The Swedish Migration Agency is now starting to apply the new rules of the Aliens Act
Temporary residence permits will be the norm, more people must be able to support themselves, and the law on upper secondary level studies is becoming its own separate law. These are the main differences now that the changes to the Aliens Act are entering into force.
– The changes to the law are extensive and affect virtually all our applicants in different ways, depending on the type of residence permit you have and the length of the permit, says Director-General Mikael Ribbenvik.
On 22 June, the Parliament voted in favour of amending the Aliens Act, and the changes took effect on 20 July. In addition to imposing time limits on new residence permits, the changes to the rules entail new requirements for being granted a permanent residence permit. Among other things, from now on, the applicant must be able to support himself or herself and must have had a residence permit in Sweden for at least three years.
– The legislative changes are both sweeping and complex and relate to all types of cases. The Migration Agency has worked intensively and with a very short preparation time to ensure that the legislative changes can now be applied by our case officers, says Mikael Ribbenvik.
There are no transitional provisions for applications submitted before the changes to the law entered into force and regarding which the Swedish Migration Agency has not yet had time to take a decision.
– This means that these cases will be examined according to the new legislation, says Mikael Ribbenvik.
The website of the Swedish Migration Agency contains detailed information on how the changes to the law affect the various permits. This information is also available via the authority’s social media. At this time, the English information is not yet updated. Please use the Swedish information until the warning notice at the top of the English pages has been removed.
The law on upper secondary level studies becomes its own separate law
Another change in the Aliens Act is that the so-called law on upper secondary level studies, which was previously part of the regulations for the temporary law, has become its own separate law. There are no substantive changes to the examination of applications, and the law will gradually be abolished between 2023 and 2025.
– The purpose of the law is to give people who are in the country with these permits the opportunity to complete their studies and apply for permanent residence permits, says Carl Bexelius, the Swedish Migration Agency’s Director of Legal Affairs.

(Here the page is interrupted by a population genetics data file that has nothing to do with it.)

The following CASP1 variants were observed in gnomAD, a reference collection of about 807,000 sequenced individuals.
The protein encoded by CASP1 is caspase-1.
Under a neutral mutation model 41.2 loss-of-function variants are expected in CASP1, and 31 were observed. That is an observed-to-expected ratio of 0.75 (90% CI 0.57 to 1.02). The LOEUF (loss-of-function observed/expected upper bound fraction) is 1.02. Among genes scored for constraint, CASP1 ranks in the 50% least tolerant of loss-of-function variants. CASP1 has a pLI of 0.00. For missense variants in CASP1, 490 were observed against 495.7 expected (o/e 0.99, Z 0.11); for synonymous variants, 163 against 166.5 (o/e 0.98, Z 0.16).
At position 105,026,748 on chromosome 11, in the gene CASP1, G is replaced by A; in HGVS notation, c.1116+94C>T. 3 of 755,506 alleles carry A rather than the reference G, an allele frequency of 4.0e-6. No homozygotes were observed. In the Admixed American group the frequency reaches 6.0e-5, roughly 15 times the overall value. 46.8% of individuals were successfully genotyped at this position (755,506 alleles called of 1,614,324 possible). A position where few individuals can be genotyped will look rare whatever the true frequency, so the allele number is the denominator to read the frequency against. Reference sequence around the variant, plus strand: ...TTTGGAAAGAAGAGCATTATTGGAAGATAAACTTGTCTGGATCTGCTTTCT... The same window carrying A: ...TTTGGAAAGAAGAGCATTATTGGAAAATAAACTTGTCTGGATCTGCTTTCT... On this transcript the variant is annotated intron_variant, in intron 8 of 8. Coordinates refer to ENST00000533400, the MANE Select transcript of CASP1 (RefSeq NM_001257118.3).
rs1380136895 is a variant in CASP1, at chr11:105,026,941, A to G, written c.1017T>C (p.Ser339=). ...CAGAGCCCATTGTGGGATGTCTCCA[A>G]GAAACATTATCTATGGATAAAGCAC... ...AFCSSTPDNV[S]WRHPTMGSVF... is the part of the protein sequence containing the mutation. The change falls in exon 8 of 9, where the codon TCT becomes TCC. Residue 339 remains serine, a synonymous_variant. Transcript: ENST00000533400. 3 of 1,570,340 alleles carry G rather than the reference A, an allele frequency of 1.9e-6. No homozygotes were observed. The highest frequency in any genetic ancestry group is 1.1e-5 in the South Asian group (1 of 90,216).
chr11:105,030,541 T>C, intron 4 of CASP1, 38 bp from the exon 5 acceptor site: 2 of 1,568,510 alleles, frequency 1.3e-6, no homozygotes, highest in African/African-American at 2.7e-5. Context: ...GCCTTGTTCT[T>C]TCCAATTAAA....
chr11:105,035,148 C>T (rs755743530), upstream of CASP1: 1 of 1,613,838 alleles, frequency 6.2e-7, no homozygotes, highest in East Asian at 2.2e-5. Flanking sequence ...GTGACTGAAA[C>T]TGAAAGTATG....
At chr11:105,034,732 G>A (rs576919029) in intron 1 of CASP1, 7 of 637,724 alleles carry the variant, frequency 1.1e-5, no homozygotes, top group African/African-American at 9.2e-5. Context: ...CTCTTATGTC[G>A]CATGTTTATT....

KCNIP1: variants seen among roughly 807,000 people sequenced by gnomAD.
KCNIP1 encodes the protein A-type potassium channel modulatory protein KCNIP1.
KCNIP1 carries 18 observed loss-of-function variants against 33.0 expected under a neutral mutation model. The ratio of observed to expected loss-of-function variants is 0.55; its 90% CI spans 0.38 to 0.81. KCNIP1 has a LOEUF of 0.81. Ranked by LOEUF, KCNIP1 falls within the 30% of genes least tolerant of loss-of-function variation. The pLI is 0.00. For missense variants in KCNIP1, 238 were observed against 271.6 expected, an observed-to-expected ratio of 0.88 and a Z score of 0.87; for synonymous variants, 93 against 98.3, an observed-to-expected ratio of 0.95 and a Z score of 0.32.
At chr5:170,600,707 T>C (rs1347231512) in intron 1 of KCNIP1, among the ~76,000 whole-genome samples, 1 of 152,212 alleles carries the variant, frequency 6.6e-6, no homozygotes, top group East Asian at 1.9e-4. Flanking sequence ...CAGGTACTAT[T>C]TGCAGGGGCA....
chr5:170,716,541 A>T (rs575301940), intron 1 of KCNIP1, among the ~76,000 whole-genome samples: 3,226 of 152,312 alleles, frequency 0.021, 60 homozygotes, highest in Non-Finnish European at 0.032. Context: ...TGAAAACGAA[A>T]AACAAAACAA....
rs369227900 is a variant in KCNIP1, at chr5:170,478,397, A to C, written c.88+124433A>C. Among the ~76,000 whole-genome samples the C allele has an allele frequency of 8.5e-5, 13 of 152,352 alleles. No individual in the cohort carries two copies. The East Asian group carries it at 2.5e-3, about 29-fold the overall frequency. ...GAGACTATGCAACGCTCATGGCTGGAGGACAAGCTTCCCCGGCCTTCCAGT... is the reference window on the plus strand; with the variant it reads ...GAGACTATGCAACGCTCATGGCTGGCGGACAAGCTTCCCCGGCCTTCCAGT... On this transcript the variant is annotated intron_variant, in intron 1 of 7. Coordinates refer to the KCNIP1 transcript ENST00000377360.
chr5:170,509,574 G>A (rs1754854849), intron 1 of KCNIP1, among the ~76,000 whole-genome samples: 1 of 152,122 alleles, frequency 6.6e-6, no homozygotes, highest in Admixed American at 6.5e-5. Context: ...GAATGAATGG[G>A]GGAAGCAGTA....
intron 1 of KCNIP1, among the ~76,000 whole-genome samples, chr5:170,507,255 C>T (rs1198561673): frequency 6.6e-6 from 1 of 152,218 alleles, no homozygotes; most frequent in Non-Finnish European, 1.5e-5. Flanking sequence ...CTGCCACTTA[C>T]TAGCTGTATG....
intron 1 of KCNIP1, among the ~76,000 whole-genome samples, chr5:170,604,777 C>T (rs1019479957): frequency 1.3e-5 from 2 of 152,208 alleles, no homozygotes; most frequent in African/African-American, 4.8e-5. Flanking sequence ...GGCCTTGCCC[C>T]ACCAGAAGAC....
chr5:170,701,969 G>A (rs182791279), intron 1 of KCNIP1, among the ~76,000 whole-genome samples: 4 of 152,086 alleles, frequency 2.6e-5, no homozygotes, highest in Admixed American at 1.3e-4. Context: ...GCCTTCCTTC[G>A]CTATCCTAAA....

At the moment, about 4,500 people in the country have residence permits whose validity is supported by the law on upper secondary level studies.
The time window for the introduction of the law has been very short. It was only last week that the Government’s ordinance specifying the changes to the Aliens Act in greater detail was presented.
– We therefore now need time to analyse the ordinance and formulate legal support for our decision-making officers. It is a job that will last until well into the autumn, says Mikael Ribbenvik.
He says it has been a great challenge to implement a completely new law in such a short time frame, but believes that taking into account the conditions, the authority is as ready as it can possibly be to start applying the amended law.
– Dealing with new legislation is a job to which the Swedish Migration Agency has become accustomed in recent years. It is time-consuming to develop new practices, new procedures and new support for processing. At the same time, the authority has established procedures for raising difficult legal issues so that we can solve them together. We’re currently working to train our staff so that they feel confident making decisions under the amended Aliens Act, says Mikael Ribbenvik.
It is not yet possible to say exactly how the rule changes in the Aliens Act will affect the activities of the Swedish Migration Agency in terms of the number of applicants. The next forecast will be presented to the Ministry of Justice on 30 July, at which time the authority will present figures based on the new legislation.
Read more about how the legislative changes affect different types of cases: